After about 4 or 5 weeks I was hitting a wall. No really good design was standing out from the numerous changes and trials I had done. The mint offered a conference call to all 20 participants to go over any questions we might have. This was of great help. In the call I asked, what is the most common mistake made by beginning coin designers. The person, I forgot his name, said the most common mistake was adding too much detail to the 8 inch mock up because one has to keep in mind that the final will be only 1.5 inches and much of the detail will be lost. Even though I already knew this it sank in even more. The other impression I got from the call was that the mint is really leaving things open to the finalists and wants to see what we can come up with, and not worry a whole lot about whether the design is right for coining as they have sculptors would fix those problems. They just wanted to see what we could come up with.
The first thing I did was scrap the board I was working on. At 18 inches it was way too big. I thought that in working larger than the required 8 inch casts to be submitted, I could make a good large design and boil it down to a really good 8 inch final. Instead, I went the opposite way and started to work smaller than the 8 inches to get a better feeling of a coin. I started sculpting on 4 inch wood discs. This really helped a lot. It made it way easier to make a quick design and help me see if it was going to work.
I finally came up with the soldier profile, collar up and a rifle slung over his shoulder. This was not the final design but a good starting point. As I had the soldier in profile worked up, I wanted to add to it but knew not what it needed. That night I had barbed wire going though my head. Soldiers charging barbed wire, wire in the dirt and finally somehow, wire on my relief sculpture. After dreaming about barbed wire I went to the piece and add the two small strands of wire in opposition to the rifle and the soldier. The hands also seems a natural thing to add and just like that I had the design for the Obverse.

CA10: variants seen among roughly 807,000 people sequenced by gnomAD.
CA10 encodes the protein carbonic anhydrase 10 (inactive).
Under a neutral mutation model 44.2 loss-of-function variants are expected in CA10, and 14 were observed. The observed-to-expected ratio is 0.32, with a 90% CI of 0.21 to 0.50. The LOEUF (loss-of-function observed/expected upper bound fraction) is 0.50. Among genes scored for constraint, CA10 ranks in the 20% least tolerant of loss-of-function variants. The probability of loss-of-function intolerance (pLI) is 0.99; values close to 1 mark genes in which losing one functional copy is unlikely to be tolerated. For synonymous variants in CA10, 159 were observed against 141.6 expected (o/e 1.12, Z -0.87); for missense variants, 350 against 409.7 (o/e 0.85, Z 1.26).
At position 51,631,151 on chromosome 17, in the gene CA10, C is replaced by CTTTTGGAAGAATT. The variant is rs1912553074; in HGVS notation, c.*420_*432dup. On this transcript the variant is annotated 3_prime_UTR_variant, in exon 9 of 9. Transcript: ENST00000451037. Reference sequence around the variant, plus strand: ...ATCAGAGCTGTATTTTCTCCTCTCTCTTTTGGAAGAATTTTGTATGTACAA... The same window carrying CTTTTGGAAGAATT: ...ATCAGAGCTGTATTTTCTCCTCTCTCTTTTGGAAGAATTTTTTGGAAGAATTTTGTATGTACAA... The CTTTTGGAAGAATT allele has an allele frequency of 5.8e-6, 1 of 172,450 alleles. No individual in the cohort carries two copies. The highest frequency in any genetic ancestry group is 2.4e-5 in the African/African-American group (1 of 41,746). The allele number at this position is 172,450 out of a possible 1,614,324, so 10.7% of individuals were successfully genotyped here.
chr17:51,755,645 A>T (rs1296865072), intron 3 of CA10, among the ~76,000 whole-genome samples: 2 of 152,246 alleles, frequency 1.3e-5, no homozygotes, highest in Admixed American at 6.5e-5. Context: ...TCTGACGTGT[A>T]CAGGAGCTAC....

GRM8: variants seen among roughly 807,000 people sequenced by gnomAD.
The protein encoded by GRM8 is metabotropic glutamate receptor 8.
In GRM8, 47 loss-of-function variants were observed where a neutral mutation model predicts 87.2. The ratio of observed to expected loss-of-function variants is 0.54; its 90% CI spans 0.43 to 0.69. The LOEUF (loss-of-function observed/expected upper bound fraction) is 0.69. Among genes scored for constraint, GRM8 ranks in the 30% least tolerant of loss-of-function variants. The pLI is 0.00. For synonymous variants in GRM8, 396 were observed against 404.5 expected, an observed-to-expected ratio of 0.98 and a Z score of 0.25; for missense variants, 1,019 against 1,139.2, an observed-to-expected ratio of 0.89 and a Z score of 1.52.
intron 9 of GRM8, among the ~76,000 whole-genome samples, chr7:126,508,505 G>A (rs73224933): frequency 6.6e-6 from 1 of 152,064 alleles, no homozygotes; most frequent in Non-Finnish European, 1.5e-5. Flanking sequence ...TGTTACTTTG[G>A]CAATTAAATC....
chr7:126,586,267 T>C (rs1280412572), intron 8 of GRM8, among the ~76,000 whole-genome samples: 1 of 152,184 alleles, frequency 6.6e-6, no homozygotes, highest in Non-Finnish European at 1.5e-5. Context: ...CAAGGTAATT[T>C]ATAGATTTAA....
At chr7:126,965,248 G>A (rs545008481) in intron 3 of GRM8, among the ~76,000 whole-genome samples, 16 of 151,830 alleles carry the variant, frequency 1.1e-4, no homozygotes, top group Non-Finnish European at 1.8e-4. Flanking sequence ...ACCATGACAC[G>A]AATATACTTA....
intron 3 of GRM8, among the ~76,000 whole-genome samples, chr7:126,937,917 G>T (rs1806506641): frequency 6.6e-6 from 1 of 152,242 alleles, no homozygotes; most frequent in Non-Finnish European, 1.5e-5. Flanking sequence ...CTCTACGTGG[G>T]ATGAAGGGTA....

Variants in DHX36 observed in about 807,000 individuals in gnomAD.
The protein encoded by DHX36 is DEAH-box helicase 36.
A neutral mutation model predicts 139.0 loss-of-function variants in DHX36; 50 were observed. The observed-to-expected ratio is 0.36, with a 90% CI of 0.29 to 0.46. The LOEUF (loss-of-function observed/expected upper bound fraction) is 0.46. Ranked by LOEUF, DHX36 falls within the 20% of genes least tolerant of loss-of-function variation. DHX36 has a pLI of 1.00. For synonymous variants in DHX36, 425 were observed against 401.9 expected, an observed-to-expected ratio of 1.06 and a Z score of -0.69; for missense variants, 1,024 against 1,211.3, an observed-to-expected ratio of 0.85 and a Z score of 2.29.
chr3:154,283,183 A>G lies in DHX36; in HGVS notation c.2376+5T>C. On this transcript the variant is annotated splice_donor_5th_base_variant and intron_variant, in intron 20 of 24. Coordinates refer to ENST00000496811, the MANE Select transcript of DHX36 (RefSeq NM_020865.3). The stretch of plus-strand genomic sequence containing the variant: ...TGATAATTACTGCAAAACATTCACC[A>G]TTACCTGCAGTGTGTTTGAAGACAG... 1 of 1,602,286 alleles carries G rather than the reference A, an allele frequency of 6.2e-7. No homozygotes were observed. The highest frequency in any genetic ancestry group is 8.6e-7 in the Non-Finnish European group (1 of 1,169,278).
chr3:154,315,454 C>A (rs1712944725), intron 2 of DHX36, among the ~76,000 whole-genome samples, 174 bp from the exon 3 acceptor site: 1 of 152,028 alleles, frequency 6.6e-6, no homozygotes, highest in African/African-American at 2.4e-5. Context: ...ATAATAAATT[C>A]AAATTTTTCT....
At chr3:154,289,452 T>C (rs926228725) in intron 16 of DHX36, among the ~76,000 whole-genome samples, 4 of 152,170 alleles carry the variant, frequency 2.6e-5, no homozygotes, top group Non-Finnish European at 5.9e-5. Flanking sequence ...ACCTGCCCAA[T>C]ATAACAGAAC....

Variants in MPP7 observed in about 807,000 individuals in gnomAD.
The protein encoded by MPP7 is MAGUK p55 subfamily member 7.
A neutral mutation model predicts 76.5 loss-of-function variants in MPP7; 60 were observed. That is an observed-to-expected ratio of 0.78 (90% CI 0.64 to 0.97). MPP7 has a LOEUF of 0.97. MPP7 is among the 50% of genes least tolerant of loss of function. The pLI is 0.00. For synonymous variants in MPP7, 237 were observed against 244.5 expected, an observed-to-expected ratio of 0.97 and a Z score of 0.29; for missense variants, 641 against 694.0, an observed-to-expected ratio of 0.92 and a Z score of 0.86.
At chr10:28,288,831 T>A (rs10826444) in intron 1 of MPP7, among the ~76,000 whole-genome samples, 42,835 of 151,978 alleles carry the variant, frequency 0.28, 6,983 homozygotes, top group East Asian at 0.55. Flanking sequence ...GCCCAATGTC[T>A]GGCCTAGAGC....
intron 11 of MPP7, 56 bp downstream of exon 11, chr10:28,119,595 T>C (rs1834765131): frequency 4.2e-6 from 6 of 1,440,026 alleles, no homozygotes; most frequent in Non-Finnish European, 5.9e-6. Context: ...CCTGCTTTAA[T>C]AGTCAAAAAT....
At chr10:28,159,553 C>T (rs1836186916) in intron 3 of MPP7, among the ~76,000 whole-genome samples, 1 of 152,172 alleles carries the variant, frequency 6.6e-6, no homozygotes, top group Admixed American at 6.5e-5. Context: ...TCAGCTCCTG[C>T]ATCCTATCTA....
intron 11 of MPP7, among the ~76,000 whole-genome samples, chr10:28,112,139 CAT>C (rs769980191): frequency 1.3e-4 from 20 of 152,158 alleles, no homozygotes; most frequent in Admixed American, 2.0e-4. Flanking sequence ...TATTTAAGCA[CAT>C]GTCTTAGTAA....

I was very demanding on myself and didn’t say, that’s it, that's the one. What I said was that’s a good Obverse, now make another. Another one never came. I was running out of time so I decided then to make that my Obverse and put my thoughts into the reverse. I actually thought I had a good idea already, an eagle. It was going to be a diving eagle, in profile, with wings outstretched holding arrows and an olive branch. In the eagles beak would be a banner with the words e plurubus unum. In the background would be a map of Europe. I just knew it would look good. But when I fleshed it out it looked terrible!
I looked for another idea. It had to be as good as the soldier. The eagle didn’t work but I wanted to try a bird again and knew that carrier pigeons were used a lot in World War One so I decided to use a pigeon. I looked at many pigeons and pigeon photos and sculpted up something I thought looked ideal. This was good because the time for submitting was running out! I had only three days left.